A pet peeve of mine is bad pictures. Now, I know not everyone has a state-of-the-art camera, a high-end light box or professional photographer in the family. However, we all can recognize a dark, over-exposed, blurry or out of focus image and those types of photographs should not be used to represent your merchandise. I’ve actually sat looking at images and had to ask other people to come look at them to try and figure out what they were a picture of… “Do you see a clasp?” “Are there beads?” “Is that an arm?” I’m sure you’ve seen those types of images before too. Do you know how many sales those people are going to get from the merchandise in the picture? I’d venture to say, “None.”
Something else to be on the lookout for? Wayward items in the background of your pictures. If you set an item on a table in your house, make sure to put some kind of fabric drape behind the item. No one needs to see your dirty dishes on the table in the background, your cat or your underwear hanging on the doorknob (yes, I’ve seen that photo!). You also want to try to avoid getting other people or your own body parts in the picture. Laying the beautiful, painstakingly-created sweater on your dirty carpet with your toes in the photo is not going to get you customers. So, make sure to check your pictures for all outside intrusions that could prevent a sale.
Background, lighting and focus are key to good photographs. We’ve taken many quality photos with bed sheets as our backdrop, light ones if our merchandise was dark and darker ones if our merchandise was light to really bring out the details. My daughter made a make-shift light box with a box lined with white paper and her pictures look as close to professional as any amateur photos could look. There are directions on how to make an inexpensive light box online.
I use to have a hairdresser who would say, “It’s all about the product, babe.” In this case it’s all about how you set up your merchandise to be photographed. If you take the time to find a good backdrop, take some practice shots adjusting lighting and learn to focus your camera on the right spot every time, in no time the process will get easier. That means that in the future you will have a shorter set up time to arrange things in the way that worked before and that your pictures will turn out better every time.
Don’t default to, “I don’t take good pictures.” It just takes a little practice. Sure, there’s a learning curve, but it’s worth the time! Good pictures can make a huge difference in how people respond to your handcrafted merchandise. Make sure to take a few pictures with different lighting and from a few different directions. You can always delete them later, but to put everything away and then realize the one shot you took doesn’t look good once you uploaded it to your site is a waste of one of your most important resources – time!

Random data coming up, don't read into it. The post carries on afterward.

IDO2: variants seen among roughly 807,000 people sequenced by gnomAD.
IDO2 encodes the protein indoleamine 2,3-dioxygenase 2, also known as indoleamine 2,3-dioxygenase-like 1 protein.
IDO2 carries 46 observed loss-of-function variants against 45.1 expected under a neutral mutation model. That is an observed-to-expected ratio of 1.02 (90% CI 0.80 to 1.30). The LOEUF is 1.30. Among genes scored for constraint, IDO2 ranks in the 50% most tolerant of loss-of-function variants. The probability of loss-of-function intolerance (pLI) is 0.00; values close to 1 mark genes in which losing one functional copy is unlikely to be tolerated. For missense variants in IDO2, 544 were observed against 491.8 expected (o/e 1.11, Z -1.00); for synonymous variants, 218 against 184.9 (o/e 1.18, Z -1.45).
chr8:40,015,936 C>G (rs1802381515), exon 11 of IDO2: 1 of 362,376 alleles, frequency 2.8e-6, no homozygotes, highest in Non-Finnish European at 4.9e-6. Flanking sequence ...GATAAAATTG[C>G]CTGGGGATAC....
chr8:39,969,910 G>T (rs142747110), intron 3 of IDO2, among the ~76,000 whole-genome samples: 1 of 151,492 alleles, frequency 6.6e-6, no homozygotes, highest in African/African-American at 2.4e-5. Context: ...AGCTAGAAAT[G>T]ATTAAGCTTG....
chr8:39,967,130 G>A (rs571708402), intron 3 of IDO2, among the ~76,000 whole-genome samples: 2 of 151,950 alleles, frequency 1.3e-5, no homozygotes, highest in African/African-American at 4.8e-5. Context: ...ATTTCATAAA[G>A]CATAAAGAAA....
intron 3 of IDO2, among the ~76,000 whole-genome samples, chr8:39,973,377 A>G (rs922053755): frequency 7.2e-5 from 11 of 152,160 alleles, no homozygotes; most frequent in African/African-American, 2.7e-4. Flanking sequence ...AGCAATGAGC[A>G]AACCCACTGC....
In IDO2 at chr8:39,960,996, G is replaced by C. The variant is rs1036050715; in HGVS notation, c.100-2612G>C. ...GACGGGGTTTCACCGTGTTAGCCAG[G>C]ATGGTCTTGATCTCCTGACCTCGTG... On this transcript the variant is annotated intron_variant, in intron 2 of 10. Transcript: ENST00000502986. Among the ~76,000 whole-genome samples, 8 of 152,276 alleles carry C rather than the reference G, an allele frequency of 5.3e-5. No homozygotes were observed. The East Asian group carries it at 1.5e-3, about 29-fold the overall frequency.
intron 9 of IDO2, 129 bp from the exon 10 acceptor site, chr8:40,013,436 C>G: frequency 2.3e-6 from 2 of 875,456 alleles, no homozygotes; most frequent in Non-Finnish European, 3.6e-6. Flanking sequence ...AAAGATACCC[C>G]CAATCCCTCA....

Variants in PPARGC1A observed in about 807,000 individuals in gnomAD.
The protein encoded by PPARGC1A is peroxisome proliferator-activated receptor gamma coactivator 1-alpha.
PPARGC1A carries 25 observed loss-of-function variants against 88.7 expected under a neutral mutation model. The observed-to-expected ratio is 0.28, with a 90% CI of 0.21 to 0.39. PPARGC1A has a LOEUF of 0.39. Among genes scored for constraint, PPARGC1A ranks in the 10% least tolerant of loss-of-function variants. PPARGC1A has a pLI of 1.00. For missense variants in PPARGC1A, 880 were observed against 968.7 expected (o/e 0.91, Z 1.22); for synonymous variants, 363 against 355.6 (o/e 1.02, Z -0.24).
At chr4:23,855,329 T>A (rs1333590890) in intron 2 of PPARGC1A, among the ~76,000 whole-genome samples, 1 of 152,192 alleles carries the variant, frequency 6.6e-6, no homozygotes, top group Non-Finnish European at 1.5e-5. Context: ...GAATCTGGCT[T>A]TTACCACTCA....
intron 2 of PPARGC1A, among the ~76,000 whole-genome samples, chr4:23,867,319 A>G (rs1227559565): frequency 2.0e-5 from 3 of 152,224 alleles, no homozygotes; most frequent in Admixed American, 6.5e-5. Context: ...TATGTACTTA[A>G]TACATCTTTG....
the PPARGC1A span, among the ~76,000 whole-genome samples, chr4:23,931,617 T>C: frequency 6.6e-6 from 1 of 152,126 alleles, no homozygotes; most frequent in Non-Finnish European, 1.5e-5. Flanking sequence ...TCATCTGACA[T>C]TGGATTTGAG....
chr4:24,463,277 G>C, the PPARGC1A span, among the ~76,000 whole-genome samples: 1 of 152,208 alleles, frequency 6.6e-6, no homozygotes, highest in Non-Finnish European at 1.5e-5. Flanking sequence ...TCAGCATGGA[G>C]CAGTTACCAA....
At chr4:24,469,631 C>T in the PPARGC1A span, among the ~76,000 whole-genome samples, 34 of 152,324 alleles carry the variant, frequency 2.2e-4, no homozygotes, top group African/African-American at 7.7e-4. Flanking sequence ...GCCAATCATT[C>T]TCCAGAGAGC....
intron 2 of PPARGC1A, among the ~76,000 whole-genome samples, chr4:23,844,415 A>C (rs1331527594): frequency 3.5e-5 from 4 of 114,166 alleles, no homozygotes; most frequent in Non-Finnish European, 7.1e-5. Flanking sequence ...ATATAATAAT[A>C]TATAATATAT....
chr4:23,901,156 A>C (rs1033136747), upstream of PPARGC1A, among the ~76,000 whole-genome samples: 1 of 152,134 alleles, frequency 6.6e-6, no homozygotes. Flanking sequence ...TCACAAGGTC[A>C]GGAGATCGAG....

I probably shouldn’t tell you this, but I’m going to tell you a quick tale of two purses that I bought from crafters on etsy. One was just beautiful in the pictures online. The person had a lot of sales and I could see why, all of her craft work pictured on her etsy site was exquisite. When the purse arrived I was surprised and kind of disappointed. The purse was actually flimsier than it looked in the picture. It was not quite the show stopper I was hoping for or that I’d imagined it to be from the pictures. It was still an attractive, quality item, but a little less impressive than I was expecting. This person has thousands of sales to their credit.
The second purse I bought looked okay in the online images. I was shopping based on color, pattern and size, more than looking for a show stopper though. I was ambivalent about buying it, but it fit my wardrobe and the season, so I purchased it anyway. When the purse arrived, it was so much more attractive than the pictures I had seen! I have had so many complements on that purse. Someone even offered to buy it from me after I had been using it! People are always stopping me to ask where I purchased it. The person who created this purse had a few dozen sales to their credit, nothing even close to the other seller yet their purse was more professionally crafted and much more attractive in person. There wasn’t much difference in how they ran their businesses except the quality of their images and that is why I’m saying make the effort! Practicing taking pictures of the items you sell before you're in a time squeeze to get your online shop stocked. A few hours dedicated to learning to take better photos is really all it will take.
One final thought, I know photography might not be your passion, but why take the time and heart to handcraft your wonderful merchandise only to spoil it with a "good enough" attitude when it comes to taking pictures? Take a cue from the Tale of Two Purses. Respect your handiwork enough to represent it in photos with the same care you craft. It could make all the difference!